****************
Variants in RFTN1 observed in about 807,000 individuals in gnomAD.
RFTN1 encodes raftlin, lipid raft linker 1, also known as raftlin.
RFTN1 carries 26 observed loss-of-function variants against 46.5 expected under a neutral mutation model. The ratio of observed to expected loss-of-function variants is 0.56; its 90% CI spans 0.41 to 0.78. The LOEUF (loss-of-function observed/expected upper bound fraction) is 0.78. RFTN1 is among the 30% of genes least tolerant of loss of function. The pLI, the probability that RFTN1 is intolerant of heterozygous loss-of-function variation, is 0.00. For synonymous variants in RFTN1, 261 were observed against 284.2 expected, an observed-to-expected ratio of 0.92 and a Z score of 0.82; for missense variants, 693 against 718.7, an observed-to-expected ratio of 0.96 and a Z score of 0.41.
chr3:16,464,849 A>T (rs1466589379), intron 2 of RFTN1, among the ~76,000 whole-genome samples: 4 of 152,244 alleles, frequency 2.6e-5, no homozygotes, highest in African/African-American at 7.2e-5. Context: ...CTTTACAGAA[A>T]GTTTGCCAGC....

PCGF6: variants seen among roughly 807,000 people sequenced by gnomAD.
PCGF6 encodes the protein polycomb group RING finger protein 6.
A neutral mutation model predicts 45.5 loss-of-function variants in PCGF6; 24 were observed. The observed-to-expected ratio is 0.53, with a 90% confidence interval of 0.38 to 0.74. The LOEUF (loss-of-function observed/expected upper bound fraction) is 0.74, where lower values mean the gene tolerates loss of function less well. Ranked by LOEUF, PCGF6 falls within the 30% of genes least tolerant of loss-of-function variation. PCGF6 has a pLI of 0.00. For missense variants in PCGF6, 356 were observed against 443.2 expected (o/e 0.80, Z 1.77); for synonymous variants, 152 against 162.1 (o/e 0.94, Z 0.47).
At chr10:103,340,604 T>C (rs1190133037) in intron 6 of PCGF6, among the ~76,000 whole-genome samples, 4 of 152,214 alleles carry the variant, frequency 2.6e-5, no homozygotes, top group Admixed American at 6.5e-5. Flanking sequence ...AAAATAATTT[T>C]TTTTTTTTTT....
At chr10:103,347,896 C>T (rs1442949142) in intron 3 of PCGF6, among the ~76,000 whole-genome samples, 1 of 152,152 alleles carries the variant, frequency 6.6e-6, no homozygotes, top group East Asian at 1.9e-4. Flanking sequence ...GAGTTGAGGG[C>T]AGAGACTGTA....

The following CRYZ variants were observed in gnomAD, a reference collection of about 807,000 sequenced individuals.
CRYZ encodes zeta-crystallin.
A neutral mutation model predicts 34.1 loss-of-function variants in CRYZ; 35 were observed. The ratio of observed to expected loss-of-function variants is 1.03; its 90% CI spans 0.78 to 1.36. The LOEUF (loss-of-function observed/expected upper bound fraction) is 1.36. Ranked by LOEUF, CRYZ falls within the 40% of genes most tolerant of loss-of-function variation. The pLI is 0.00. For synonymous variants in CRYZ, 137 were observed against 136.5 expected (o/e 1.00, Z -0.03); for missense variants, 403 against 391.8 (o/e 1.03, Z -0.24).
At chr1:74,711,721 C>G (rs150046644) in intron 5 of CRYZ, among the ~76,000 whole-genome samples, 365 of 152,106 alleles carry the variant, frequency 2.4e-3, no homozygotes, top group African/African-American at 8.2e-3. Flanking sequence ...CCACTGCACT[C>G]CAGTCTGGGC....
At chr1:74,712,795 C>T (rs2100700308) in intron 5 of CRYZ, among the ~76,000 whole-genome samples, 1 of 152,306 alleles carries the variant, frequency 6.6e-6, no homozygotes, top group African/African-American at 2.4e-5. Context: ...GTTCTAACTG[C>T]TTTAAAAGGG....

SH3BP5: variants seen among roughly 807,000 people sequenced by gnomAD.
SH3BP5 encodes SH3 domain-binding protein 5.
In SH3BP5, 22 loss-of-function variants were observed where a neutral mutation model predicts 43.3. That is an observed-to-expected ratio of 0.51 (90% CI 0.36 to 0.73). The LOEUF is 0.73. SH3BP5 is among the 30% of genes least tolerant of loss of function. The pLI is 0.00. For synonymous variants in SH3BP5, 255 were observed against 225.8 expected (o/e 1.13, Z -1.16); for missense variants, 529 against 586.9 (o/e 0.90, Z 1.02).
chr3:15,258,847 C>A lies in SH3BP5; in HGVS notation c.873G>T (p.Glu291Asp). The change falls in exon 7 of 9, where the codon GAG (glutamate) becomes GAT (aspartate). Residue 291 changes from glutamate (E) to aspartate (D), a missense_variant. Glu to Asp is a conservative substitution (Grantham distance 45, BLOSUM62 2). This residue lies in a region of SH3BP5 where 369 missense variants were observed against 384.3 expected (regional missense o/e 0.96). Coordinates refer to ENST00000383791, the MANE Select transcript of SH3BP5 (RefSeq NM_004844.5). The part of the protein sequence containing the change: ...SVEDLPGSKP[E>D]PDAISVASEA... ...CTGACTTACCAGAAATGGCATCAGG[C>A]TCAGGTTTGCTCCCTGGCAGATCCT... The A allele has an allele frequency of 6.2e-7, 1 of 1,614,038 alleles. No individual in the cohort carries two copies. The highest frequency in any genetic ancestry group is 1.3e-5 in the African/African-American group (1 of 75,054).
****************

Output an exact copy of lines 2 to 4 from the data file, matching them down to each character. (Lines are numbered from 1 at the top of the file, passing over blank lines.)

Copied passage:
RFTN1 encodes raftlin, lipid raft linker 1, also known as raftlin.
RFTN1 carries 26 observed loss-of-function variants against 46.5 expected under a neutral mutation model. The ratio of observed to expected loss-of-function variants is 0.56; its 90% CI spans 0.41 to 0.78. The LOEUF (loss-of-function observed/expected upper bound fraction) is 0.78. RFTN1 is among the 30% of genes least tolerant of loss of function. The pLI, the probability that RFTN1 is intolerant of heterozygous loss-of-function variation, is 0.00. For synonymous variants in RFTN1, 261 were observed against 284.2 expected, an observed-to-expected ratio of 0.92 and a Z score of 0.82; for missense variants, 693 against 718.7, an observed-to-expected ratio of 0.96 and a Z score of 0.41.
chr3:16,464,849 A>T (rs1466589379), intron 2 of RFTN1, among the ~76,000 whole-genome samples: 4 of 152,244 alleles, frequency 2.6e-5, no homozygotes, highest in African/African-American at 7.2e-5. Context: ...CTTTACAGAA[A>T]GTTTGCCAGC....